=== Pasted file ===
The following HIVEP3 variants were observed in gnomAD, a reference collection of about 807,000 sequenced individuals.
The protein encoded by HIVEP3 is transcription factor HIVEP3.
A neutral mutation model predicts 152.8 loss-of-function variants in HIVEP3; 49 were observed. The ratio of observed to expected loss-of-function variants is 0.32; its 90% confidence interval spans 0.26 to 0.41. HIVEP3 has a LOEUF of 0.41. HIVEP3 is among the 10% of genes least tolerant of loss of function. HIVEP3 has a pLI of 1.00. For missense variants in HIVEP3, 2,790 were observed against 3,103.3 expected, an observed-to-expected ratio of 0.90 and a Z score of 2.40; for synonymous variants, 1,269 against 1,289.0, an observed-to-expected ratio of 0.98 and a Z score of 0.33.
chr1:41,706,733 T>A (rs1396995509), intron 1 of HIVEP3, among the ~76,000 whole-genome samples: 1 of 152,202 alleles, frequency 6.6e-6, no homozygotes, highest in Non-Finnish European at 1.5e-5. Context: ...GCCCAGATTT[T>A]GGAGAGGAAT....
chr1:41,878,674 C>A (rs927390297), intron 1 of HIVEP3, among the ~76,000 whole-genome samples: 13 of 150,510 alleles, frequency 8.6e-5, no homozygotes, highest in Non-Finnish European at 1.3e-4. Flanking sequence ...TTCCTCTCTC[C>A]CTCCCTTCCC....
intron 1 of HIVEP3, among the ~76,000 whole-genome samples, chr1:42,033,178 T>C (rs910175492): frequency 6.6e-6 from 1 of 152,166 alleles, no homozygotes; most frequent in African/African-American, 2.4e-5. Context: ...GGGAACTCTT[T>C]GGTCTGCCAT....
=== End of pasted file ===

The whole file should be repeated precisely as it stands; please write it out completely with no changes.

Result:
The following HIVEP3 variants were observed in gnomAD, a reference collection of about 807,000 sequenced individuals.
The protein encoded by HIVEP3 is transcription factor HIVEP3.
A neutral mutation model predicts 152.8 loss-of-function variants in HIVEP3; 49 were observed. The ratio of observed to expected loss-of-function variants is 0.32; its 90% confidence interval spans 0.26 to 0.41. HIVEP3 has a LOEUF of 0.41. HIVEP3 is among the 10% of genes least tolerant of loss of function. HIVEP3 has a pLI of 1.00. For missense variants in HIVEP3, 2,790 were observed against 3,103.3 expected, an observed-to-expected ratio of 0.90 and a Z score of 2.40; for synonymous variants, 1,269 against 1,289.0, an observed-to-expected ratio of 0.98 and a Z score of 0.33.
chr1:41,706,733 T>A (rs1396995509), intron 1 of HIVEP3, among the ~76,000 whole-genome samples: 1 of 152,202 alleles, frequency 6.6e-6, no homozygotes, highest in Non-Finnish European at 1.5e-5. Context: ...GCCCAGATTT[T>A]GGAGAGGAAT....
chr1:41,878,674 C>A (rs927390297), intron 1 of HIVEP3, among the ~76,000 whole-genome samples: 13 of 150,510 alleles, frequency 8.6e-5, no homozygotes, highest in Non-Finnish European at 1.3e-4. Flanking sequence ...TTCCTCTCTC[C>A]CTCCCTTCCC....
intron 1 of HIVEP3, among the ~76,000 whole-genome samples, chr1:42,033,178 T>C (rs910175492): frequency 6.6e-6 from 1 of 152,166 alleles, no homozygotes; most frequent in African/African-American, 2.4e-5. Context: ...GGGAACTCTT[T>C]GGTCTGCCAT....